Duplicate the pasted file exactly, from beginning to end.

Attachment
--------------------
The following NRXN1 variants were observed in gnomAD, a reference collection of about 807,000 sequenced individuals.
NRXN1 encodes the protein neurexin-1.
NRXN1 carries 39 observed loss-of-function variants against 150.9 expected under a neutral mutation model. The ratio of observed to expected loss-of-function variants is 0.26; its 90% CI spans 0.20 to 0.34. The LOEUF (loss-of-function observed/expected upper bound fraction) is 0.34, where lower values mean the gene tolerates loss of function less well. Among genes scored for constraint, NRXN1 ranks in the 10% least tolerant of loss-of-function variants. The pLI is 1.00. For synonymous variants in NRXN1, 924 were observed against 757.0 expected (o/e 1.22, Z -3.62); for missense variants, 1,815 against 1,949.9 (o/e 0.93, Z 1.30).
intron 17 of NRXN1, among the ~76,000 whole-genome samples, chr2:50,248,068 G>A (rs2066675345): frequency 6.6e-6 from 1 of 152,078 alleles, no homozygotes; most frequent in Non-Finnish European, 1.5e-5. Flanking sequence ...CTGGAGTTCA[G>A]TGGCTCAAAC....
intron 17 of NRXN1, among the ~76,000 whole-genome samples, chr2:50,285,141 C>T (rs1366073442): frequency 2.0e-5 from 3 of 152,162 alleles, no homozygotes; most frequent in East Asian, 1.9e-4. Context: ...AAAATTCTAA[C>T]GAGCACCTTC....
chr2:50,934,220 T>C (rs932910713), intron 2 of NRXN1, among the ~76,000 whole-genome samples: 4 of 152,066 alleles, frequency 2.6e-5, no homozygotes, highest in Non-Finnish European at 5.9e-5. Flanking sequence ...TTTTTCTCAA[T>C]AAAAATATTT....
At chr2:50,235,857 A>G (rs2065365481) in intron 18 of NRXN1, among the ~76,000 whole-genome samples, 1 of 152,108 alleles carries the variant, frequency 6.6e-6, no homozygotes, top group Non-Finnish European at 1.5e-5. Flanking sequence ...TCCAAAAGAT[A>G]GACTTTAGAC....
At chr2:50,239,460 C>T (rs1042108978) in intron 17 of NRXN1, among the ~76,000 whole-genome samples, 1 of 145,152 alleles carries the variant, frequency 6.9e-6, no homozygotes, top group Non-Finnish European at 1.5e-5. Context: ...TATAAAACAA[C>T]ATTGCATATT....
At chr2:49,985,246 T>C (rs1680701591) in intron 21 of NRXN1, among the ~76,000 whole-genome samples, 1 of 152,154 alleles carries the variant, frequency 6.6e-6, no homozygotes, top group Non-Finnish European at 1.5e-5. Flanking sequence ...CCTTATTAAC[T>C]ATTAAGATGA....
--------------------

The following NRXN1 variants were observed in gnomAD, a reference collection of about 807,000 sequenced individuals.
NRXN1 encodes the protein neurexin-1.
NRXN1 carries 39 observed loss-of-function variants against 150.9 expected under a neutral mutation model. The ratio of observed to expected loss-of-function variants is 0.26; its 90% CI spans 0.20 to 0.34. The LOEUF (loss-of-function observed/expected upper bound fraction) is 0.34, where lower values mean the gene tolerates loss of function less well. Among genes scored for constraint, NRXN1 ranks in the 10% least tolerant of loss-of-function variants. The pLI is 1.00. For synonymous variants in NRXN1, 924 were observed against 757.0 expected (o/e 1.22, Z -3.62); for missense variants, 1,815 against 1,949.9 (o/e 0.93, Z 1.30).
intron 17 of NRXN1, among the ~76,000 whole-genome samples, chr2:50,248,068 G>A (rs2066675345): frequency 6.6e-6 from 1 of 152,078 alleles, no homozygotes; most frequent in Non-Finnish European, 1.5e-5. Flanking sequence ...CTGGAGTTCA[G>A]TGGCTCAAAC....
intron 17 of NRXN1, among the ~76,000 whole-genome samples, chr2:50,285,141 C>T (rs1366073442): frequency 2.0e-5 from 3 of 152,162 alleles, no homozygotes; most frequent in East Asian, 1.9e-4. Context: ...AAAATTCTAA[C>T]GAGCACCTTC....
chr2:50,934,220 T>C (rs932910713), intron 2 of NRXN1, among the ~76,000 whole-genome samples: 4 of 152,066 alleles, frequency 2.6e-5, no homozygotes, highest in Non-Finnish European at 5.9e-5. Flanking sequence ...TTTTTCTCAA[T>C]AAAAATATTT....
At chr2:50,235,857 A>G (rs2065365481) in intron 18 of NRXN1, among the ~76,000 whole-genome samples, 1 of 152,108 alleles carries the variant, frequency 6.6e-6, no homozygotes, top group Non-Finnish European at 1.5e-5. Flanking sequence ...TCCAAAAGAT[A>G]GACTTTAGAC....
At chr2:50,239,460 C>T (rs1042108978) in intron 17 of NRXN1, among the ~76,000 whole-genome samples, 1 of 145,152 alleles carries the variant, frequency 6.9e-6, no homozygotes, top group Non-Finnish European at 1.5e-5. Context: ...TATAAAACAA[C>T]ATTGCATATT....
At chr2:49,985,246 T>C (rs1680701591) in intron 21 of NRXN1, among the ~76,000 whole-genome samples, 1 of 152,154 alleles carries the variant, frequency 6.6e-6, no homozygotes, top group Non-Finnish European at 1.5e-5. Flanking sequence ...CCTTATTAAC[T>C]ATTAAGATGA....